If you are renting and have contents insurance, you may want to check whether your policy provides cover for flood damage to your belongings. You can read the policy disclosure statement (PDS) for details. It will generally be your landlord’s responsibility to ensure the building you live in is covered by either their landlord insurance or by the body corporate’s strata building insurance.

You may want to check if your home insurance provides cover for flooding. Credit: Andrey_Popov (Shutterstock)

Is my car covered for flood damage?

Your car may or may not be covered for flood damage, depending on your insurance provider and the type of car insurance policy you hold. Generally speaking, car insurance providers will provide flood cover as part of comprehensive car insurance product(s). At the time of writing, 100% of the comprehensive car insurance policies in our database provide cover for flood damage as standard.

Not all car insurance policies include flood cover – you may want to check if yours does or not. Credit: thanatphoto (Shutterstock)

In the market for a car insurance policy? The table below displays a snapshot of car insurance policies on Canstar’s database with links direct to providers’ websites. Policies shown are those where hail or flood claims will not always impact your no claims discount. Please note this table has been sorted by Star Rating (highest to lowest) then by provider name (alphabetically) and was formulated based on a male aged 30-39 in NSW, without an extra driver under 25 years old. Check upfront with your provider and read the PDS to confirm the details of your no claims bonus and whether the policy as a whole suits your needs.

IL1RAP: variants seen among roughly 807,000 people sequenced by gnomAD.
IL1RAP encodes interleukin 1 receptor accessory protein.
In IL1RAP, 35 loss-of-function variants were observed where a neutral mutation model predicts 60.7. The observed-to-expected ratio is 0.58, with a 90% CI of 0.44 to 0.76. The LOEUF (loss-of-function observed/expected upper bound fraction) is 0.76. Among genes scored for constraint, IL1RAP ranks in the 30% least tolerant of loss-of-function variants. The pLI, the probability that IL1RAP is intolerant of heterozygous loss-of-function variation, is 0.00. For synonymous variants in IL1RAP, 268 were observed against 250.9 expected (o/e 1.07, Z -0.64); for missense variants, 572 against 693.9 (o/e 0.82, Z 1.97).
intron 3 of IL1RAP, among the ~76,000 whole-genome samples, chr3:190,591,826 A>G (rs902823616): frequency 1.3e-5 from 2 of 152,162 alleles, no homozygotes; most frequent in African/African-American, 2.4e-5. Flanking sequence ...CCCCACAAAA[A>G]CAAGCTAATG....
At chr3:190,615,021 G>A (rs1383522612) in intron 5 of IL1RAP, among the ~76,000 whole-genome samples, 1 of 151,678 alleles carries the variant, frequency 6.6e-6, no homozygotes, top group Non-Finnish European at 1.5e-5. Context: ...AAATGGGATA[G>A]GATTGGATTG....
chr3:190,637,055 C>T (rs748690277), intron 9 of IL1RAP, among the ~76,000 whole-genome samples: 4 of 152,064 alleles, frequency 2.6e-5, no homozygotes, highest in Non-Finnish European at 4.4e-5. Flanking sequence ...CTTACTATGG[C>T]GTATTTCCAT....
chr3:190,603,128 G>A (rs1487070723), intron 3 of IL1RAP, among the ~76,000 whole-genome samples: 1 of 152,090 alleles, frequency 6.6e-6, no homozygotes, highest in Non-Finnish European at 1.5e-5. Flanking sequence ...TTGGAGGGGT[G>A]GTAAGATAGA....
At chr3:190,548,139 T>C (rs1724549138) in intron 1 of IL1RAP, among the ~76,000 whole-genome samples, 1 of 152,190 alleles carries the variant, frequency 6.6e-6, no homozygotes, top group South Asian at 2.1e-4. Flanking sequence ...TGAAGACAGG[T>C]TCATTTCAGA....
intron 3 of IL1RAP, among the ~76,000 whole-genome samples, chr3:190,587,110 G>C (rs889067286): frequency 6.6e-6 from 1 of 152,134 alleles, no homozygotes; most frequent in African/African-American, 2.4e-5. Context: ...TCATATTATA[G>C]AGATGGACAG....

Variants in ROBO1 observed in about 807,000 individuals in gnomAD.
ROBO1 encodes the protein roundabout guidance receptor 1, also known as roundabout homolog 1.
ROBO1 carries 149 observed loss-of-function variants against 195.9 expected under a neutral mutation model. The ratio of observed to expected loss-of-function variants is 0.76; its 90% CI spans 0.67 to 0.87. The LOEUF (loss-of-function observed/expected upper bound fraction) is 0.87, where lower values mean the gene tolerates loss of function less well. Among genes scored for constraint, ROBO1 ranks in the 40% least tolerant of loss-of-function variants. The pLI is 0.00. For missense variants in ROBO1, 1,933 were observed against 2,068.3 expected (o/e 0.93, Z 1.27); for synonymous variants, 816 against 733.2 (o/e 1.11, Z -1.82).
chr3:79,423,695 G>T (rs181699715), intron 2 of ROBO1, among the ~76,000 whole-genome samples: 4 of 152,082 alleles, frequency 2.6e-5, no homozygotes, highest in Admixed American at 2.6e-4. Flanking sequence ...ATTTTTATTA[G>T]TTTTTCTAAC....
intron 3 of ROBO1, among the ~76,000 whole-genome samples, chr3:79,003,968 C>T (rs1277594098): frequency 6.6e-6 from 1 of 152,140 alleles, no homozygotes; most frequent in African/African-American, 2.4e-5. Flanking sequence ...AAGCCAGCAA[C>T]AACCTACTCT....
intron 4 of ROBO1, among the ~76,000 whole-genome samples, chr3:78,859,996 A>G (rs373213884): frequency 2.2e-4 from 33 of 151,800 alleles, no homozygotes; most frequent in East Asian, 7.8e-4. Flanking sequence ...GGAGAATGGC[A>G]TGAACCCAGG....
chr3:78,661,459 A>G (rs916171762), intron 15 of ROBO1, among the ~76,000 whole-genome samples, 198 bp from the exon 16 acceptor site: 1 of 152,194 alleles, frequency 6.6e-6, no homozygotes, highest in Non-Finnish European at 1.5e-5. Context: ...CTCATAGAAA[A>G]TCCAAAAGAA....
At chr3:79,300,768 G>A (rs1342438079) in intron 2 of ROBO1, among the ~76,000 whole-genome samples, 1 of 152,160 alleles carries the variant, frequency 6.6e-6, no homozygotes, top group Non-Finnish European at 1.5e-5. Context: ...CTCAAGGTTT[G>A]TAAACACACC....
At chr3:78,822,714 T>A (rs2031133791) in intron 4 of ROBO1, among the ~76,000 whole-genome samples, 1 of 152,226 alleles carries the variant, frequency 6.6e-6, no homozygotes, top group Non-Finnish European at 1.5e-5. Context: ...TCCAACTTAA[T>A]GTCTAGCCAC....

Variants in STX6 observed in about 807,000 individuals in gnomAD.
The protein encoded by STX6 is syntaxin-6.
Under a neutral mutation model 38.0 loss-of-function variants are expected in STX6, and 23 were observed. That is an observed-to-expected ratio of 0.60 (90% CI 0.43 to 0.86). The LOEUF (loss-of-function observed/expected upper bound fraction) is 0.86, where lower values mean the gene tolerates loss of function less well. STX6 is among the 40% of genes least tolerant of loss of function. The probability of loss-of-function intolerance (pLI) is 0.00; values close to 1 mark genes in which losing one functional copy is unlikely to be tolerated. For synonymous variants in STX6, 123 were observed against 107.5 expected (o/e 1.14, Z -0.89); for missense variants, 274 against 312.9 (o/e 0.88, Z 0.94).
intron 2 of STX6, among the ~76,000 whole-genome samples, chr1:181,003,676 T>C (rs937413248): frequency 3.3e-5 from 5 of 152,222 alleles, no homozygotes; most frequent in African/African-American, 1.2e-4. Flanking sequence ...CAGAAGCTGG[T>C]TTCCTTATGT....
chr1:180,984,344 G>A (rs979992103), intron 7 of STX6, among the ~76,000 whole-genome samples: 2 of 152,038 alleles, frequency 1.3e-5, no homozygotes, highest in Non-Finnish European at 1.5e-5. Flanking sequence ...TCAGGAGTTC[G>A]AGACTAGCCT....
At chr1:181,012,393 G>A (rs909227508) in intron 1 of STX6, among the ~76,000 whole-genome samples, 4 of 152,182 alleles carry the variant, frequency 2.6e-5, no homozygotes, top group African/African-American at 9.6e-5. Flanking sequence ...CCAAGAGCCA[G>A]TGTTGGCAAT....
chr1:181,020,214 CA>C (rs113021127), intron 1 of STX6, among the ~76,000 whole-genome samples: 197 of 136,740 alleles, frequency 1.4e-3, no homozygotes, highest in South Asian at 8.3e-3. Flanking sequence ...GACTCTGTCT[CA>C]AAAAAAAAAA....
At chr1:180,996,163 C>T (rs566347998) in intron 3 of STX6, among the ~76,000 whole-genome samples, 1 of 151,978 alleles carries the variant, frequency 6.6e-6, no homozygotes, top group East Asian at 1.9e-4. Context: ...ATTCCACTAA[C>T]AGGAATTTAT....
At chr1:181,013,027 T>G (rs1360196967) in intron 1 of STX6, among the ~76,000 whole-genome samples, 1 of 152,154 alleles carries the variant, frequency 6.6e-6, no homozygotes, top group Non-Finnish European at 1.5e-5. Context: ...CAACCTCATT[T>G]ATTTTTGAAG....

Who can I contact for advice about flood insurance?

If you are affected by a flood and need assistance in understanding your insurance policy, or have queries about how the claims process works, you can speak to your provider, call the Insurance Council of Australia (ICA) Catastrophe Hotline on 1800 734 621, or visit the ICA website.

Is flood cover mandatory?

No, home and car insurers have no obligation or requirement to provide cover for flood. Following the 2011 Queensland floods, the federal government put forward the idea of making flood cover a mandatory part of insurance policies, and specified a new, standard definition of a ‘flood’. According to the Australian Government, the definition of flood is:

“The covering of normally dry land by water that has escaped or been released from the normal confines of: any lake, or any river, creek or other natural watercourse, whether or not altered or modified; or any reservoir, canal, or dam.”

Flood cover was not made mandatory, so it’s not legally compulsory for insurers to include flood cover in their policies.

Many insurance companies now only offer policies that do include flood cover, which has seen home insurance premiums increase in certain areas. Before committing to a particular policy, you may want to consider how flood-prone your area is, and whether or not getting flood cover as part of your policy is worth paying a potentially higher premium.